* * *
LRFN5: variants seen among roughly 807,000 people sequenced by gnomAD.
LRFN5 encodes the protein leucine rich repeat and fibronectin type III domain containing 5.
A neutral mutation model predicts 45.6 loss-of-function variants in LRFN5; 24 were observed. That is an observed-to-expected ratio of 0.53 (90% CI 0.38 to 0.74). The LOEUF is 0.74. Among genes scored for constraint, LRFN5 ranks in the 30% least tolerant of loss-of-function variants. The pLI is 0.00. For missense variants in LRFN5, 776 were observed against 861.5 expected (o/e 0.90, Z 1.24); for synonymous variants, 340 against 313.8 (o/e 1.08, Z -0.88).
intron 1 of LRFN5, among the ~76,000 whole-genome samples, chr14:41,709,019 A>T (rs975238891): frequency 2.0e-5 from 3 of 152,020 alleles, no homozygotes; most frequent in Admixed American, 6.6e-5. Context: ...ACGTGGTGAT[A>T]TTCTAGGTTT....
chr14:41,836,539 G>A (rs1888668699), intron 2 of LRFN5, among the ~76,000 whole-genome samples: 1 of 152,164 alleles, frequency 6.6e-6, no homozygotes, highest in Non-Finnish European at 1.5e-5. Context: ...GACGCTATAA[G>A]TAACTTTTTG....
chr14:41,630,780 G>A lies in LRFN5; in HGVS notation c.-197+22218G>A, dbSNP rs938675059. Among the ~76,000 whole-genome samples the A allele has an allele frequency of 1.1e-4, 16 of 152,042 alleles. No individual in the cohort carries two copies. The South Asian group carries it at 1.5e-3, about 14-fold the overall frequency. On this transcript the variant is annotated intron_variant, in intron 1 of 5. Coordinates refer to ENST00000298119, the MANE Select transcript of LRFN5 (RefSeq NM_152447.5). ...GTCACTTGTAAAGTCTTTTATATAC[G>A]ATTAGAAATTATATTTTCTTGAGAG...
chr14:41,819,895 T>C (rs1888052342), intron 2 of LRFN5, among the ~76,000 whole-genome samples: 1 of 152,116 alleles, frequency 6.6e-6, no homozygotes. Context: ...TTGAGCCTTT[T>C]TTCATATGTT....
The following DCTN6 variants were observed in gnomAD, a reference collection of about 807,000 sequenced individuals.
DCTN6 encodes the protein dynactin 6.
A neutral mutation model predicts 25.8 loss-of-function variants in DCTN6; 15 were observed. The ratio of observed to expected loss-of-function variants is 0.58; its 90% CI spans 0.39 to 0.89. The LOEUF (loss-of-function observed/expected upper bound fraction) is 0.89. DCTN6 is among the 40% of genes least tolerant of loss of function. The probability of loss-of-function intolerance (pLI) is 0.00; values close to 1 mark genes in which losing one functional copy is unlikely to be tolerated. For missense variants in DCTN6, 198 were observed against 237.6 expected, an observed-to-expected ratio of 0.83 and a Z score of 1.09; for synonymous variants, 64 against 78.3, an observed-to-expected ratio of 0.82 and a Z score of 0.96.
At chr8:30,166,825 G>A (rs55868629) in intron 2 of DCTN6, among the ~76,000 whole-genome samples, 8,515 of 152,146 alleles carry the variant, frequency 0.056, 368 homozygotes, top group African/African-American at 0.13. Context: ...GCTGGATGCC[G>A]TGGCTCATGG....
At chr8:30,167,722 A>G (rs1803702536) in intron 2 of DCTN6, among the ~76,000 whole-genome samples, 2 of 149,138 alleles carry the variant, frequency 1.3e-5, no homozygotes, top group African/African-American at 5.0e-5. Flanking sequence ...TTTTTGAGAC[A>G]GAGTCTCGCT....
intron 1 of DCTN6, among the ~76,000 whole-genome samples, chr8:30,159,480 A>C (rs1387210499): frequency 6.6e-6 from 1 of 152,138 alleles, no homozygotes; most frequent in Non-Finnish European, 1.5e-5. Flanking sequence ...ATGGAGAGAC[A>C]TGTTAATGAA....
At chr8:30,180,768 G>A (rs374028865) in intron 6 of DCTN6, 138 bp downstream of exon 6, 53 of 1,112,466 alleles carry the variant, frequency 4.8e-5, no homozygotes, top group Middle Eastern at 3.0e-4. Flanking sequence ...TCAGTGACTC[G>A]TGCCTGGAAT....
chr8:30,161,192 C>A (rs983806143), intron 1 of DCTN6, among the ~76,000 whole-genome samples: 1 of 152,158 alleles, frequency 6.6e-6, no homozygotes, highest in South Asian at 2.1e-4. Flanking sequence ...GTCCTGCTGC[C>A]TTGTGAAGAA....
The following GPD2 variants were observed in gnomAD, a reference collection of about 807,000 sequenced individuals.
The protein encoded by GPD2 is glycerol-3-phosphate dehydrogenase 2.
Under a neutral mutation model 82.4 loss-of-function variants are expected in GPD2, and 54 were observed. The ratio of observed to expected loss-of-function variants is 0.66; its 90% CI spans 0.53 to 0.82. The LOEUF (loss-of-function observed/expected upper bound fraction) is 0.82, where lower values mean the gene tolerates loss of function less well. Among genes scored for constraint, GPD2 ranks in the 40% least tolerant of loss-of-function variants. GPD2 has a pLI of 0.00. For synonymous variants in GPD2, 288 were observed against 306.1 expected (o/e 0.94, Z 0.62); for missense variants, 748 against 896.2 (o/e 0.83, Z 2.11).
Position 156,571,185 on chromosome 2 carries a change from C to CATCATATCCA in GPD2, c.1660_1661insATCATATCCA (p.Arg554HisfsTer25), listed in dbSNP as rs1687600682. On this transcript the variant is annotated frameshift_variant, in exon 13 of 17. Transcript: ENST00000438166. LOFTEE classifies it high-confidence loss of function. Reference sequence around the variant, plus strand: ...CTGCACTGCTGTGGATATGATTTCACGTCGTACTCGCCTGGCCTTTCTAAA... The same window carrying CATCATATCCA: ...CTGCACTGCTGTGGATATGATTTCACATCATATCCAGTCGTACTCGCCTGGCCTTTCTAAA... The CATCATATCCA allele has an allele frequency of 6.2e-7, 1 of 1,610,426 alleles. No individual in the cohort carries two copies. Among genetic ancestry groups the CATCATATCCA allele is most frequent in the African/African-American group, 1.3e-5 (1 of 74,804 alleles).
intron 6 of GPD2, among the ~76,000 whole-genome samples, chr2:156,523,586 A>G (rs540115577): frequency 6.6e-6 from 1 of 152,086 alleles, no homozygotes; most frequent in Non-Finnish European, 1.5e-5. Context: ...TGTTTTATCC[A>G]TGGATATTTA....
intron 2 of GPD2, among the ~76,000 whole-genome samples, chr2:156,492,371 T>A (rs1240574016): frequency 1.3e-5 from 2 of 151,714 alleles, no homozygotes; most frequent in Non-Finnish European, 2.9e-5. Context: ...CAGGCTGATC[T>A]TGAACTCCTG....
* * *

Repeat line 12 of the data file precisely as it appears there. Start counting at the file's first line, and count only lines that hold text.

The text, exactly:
At chr8:30,167,722 A>G (rs1803702536) in intron 2 of DCTN6, among the ~76,000 whole-genome samples, 2 of 149,138 alleles carry the variant, frequency 1.3e-5, no homozygotes, top group African/African-American at 5.0e-5. Flanking sequence ...TTTTTGAGAC[A>G]GAGTCTCGCT....